With more than 3 million rounds sold in the Myrtle Beach area last year, golf courses tend to be pretty busy during the Grand Strand’s peak season. When you come during those high-volume times (fall and spring), golf courses are doing everything in their power to make sure you have a great Myrtle Beach golf experience. One of things you will see many of them do at those peak times is “double tee” the course.
Double teeing refers to when a golf course will send groups simultaneously off the 1st and 10th tees for the first two hours of the day. Courses with a morning double tee will typically send groups off the 1st and 10th tees from approximately 7:45-9:45 a.m., and then not send any tee times out at all from 9:45 a.m.-12:00 p.m. Many courses that double tee in the early morning will do so again to kick off the afternoon session.
Double teeing helps courses in two ways. For one, it gives them the ability to better control pace of play. If there is a group slowing up one side, it won’t affect the course for the entire day, including the afternoon.
Second, double teeing allows the course to maximize the number of desirable tee times it can make available to its visiting golfers. Late-morning tee times at “single-tee” courses often go unfilled, as golfers who wish to start their round closer to midday will simply wait until the afternoon when rates often drop. On a double-teed course, golfers playing morning rounds will simply be crossing over to play their back nine holes during that late-morning time.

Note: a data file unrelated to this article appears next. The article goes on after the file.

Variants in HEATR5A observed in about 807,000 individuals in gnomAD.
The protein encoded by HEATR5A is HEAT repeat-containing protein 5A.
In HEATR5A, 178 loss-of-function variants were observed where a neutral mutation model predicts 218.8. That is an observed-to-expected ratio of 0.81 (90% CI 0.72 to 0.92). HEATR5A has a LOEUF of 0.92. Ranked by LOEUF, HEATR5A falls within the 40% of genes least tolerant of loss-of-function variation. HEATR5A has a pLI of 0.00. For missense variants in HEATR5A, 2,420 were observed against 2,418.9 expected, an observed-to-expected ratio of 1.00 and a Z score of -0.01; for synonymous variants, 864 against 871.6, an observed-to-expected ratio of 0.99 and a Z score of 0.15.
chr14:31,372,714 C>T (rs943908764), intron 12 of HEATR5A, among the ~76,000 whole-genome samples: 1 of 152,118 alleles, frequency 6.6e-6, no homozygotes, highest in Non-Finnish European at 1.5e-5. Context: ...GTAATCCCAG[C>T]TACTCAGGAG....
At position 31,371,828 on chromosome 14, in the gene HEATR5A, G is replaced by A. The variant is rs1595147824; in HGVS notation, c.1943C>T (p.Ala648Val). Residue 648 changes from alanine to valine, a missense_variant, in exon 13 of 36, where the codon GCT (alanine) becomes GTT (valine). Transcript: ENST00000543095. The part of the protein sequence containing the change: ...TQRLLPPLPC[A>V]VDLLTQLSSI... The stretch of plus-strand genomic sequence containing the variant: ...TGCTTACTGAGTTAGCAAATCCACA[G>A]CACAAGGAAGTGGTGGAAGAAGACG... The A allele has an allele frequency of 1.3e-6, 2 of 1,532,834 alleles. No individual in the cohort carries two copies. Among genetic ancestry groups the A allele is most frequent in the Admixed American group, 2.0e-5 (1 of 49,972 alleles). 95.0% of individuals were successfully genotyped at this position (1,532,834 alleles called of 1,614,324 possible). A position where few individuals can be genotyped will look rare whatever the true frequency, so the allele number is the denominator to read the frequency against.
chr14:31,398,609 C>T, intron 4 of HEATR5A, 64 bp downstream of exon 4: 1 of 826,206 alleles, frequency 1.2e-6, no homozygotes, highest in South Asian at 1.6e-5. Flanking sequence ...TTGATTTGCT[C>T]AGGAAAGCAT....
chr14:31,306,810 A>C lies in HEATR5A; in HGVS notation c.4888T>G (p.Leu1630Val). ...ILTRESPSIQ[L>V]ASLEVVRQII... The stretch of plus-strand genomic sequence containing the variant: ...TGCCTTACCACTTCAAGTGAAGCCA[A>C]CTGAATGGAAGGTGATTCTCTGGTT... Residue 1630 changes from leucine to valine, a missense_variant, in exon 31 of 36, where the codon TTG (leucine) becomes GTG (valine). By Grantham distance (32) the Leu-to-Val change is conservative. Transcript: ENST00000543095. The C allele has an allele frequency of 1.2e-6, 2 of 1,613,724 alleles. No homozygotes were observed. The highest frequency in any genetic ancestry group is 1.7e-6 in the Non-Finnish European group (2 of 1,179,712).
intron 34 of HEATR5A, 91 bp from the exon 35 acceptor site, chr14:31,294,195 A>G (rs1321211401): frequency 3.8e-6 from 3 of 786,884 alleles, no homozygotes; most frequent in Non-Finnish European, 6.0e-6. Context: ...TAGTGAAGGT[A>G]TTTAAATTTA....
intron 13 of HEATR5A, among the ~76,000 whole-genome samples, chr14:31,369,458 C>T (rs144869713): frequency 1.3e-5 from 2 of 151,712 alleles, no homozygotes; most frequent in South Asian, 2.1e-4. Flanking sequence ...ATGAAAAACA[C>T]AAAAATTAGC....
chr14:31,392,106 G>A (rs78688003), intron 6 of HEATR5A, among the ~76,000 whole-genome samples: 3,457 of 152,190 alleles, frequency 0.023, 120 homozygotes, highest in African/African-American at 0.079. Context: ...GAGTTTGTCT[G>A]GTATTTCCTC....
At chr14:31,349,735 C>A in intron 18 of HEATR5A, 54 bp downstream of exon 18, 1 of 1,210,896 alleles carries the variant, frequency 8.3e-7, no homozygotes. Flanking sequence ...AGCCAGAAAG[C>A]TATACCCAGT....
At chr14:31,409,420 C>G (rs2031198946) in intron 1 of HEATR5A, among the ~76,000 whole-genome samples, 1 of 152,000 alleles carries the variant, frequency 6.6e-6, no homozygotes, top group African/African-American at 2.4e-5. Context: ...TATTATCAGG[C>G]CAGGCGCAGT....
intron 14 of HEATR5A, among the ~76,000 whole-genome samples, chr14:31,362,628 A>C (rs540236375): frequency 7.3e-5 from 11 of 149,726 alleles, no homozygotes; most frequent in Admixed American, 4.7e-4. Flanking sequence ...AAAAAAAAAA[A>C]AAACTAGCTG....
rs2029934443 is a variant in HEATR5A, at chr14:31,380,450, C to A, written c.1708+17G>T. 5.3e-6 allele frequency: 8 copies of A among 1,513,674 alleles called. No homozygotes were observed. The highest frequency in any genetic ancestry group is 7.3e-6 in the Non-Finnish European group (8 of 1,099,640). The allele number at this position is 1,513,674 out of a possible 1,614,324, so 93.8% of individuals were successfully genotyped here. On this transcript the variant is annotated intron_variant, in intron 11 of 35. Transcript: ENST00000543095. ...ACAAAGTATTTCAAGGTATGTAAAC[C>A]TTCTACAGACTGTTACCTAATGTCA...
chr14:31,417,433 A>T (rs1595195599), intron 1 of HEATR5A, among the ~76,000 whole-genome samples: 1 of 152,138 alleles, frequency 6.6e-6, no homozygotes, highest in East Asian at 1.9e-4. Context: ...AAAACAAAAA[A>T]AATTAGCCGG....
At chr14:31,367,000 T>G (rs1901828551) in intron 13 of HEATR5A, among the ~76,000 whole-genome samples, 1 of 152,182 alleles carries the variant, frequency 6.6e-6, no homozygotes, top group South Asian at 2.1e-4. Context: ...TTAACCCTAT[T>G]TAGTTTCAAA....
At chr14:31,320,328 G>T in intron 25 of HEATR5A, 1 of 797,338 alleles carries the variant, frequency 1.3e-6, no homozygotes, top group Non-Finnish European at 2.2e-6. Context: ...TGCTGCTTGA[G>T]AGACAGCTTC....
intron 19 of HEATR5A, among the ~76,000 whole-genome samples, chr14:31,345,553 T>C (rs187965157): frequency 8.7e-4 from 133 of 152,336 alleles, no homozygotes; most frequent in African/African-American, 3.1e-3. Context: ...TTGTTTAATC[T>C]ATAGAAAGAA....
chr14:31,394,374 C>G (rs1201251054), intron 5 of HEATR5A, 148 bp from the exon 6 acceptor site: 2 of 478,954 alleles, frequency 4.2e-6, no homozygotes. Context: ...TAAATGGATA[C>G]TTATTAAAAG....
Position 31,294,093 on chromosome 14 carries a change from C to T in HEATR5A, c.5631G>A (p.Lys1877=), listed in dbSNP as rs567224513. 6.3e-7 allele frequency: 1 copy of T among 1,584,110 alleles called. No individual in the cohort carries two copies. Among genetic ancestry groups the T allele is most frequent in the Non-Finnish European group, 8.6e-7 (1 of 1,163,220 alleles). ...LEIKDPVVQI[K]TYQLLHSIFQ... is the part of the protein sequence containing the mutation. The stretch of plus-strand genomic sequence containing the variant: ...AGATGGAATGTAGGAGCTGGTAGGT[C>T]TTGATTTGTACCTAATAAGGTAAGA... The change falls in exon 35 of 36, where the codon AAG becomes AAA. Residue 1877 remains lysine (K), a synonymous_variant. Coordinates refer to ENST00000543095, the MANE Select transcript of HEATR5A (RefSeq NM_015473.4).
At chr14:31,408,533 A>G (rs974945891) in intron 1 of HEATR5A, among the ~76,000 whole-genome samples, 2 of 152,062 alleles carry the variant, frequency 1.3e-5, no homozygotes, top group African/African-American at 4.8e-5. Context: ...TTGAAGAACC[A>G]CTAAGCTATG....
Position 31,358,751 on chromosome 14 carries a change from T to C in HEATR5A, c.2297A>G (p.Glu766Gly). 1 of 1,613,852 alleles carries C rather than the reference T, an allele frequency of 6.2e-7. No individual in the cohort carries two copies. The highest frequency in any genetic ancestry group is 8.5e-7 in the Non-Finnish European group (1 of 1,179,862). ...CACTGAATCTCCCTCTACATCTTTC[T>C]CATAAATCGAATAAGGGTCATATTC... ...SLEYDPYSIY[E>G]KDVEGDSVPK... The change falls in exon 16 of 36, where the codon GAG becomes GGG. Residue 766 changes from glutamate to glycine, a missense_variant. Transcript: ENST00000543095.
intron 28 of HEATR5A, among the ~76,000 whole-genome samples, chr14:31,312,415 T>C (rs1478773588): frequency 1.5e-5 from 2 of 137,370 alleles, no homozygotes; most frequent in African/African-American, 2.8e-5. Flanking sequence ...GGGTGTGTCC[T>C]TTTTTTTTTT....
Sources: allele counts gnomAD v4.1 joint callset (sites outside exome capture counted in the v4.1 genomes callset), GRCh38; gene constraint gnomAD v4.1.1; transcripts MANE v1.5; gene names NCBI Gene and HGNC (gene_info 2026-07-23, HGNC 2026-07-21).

When you play a golf course that is double teeing, they will typically tell you before you tee off. It’s especially important to note this if you’re one of the first tee times of the day, with the intention of breezing through 18 holes at a rapid pace. If you complete your first nine extremely quickly – say, in 90 minutes after a 7:45 a.m. tee off – you may have to wait a bit to start your back nine. But once the last of the morning tee times has gone off (again, typically no later than 9:45 a.m.), you’re then free to play your back nine. And if you wind up with a few extra minutes in between your front and back nines, it presents a great time for a clubhouse pit stop.
One other note: The courses where you won’t find double teeing are those where the front and back nines do not start and end at the clubhouse. Courses like Wild Wing Plantation’s Avocet course and Myrtlewood Golf Club’s Palmetto course fit this description, and as such offer late-morning tee times in peak season that most courses do not.
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